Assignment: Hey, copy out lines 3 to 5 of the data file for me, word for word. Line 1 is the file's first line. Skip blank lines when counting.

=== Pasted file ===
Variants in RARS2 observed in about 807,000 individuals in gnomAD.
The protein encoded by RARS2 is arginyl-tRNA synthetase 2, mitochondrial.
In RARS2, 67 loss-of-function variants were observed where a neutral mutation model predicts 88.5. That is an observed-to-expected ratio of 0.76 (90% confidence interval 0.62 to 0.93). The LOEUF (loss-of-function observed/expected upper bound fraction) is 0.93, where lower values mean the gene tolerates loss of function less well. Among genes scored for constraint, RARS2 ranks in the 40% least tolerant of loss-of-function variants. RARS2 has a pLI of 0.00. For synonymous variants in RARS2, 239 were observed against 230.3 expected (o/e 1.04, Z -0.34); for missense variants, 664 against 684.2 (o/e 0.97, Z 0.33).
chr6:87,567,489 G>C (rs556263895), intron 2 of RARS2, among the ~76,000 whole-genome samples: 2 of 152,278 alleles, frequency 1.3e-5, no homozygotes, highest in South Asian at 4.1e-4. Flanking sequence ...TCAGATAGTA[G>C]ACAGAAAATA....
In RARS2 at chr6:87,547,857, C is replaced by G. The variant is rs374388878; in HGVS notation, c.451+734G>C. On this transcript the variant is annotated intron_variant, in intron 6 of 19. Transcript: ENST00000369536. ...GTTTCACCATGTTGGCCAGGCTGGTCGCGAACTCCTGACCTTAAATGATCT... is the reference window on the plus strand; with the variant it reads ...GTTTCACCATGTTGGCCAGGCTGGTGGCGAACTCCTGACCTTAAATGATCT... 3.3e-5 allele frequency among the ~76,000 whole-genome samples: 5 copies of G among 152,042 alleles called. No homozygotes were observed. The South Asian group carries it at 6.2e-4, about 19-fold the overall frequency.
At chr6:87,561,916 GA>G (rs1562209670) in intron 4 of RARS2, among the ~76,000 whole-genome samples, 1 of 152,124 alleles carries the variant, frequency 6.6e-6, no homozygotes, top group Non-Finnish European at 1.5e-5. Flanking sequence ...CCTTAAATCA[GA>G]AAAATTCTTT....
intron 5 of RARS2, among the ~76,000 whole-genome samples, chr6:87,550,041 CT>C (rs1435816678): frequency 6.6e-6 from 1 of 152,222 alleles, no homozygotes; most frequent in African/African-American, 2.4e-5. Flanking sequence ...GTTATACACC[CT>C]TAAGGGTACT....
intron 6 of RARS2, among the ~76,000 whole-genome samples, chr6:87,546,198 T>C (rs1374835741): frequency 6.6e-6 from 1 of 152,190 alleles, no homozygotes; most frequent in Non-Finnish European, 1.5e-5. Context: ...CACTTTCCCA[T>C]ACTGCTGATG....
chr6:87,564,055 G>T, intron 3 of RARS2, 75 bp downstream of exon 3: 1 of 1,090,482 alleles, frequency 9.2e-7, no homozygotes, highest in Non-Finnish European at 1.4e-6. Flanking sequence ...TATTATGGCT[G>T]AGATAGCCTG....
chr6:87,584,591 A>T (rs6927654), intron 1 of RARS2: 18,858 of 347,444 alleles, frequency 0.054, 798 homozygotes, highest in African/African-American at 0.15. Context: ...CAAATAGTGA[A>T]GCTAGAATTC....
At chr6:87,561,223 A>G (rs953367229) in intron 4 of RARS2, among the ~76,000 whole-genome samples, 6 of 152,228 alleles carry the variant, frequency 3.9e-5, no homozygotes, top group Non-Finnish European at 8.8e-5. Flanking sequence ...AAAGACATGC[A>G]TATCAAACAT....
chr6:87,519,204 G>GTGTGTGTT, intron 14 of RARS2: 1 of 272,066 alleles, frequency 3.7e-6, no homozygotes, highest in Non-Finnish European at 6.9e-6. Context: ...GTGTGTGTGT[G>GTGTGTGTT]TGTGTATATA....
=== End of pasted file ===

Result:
In RARS2, 67 loss-of-function variants were observed where a neutral mutation model predicts 88.5. That is an observed-to-expected ratio of 0.76 (90% confidence interval 0.62 to 0.93). The LOEUF (loss-of-function observed/expected upper bound fraction) is 0.93, where lower values mean the gene tolerates loss of function less well. Among genes scored for constraint, RARS2 ranks in the 40% least tolerant of loss-of-function variants. RARS2 has a pLI of 0.00. For synonymous variants in RARS2, 239 were observed against 230.3 expected (o/e 1.04, Z -0.34); for missense variants, 664 against 684.2 (o/e 0.97, Z 0.33).
chr6:87,567,489 G>C (rs556263895), intron 2 of RARS2, among the ~76,000 whole-genome samples: 2 of 152,278 alleles, frequency 1.3e-5, no homozygotes, highest in South Asian at 4.1e-4. Flanking sequence ...TCAGATAGTA[G>C]ACAGAAAATA....
In RARS2 at chr6:87,547,857, C is replaced by G. The variant is rs374388878; in HGVS notation, c.451+734G>C. On this transcript the variant is annotated intron_variant, in intron 6 of 19. Transcript: ENST00000369536. ...GTTTCACCATGTTGGCCAGGCTGGTCGCGAACTCCTGACCTTAAATGATCT... is the reference window on the plus strand; with the variant it reads ...GTTTCACCATGTTGGCCAGGCTGGTGGCGAACTCCTGACCTTAAATGATCT... 3.3e-5 allele frequency among the ~76,000 whole-genome samples: 5 copies of G among 152,042 alleles called. No homozygotes were observed. The South Asian group carries it at 6.2e-4, about 19-fold the overall frequency.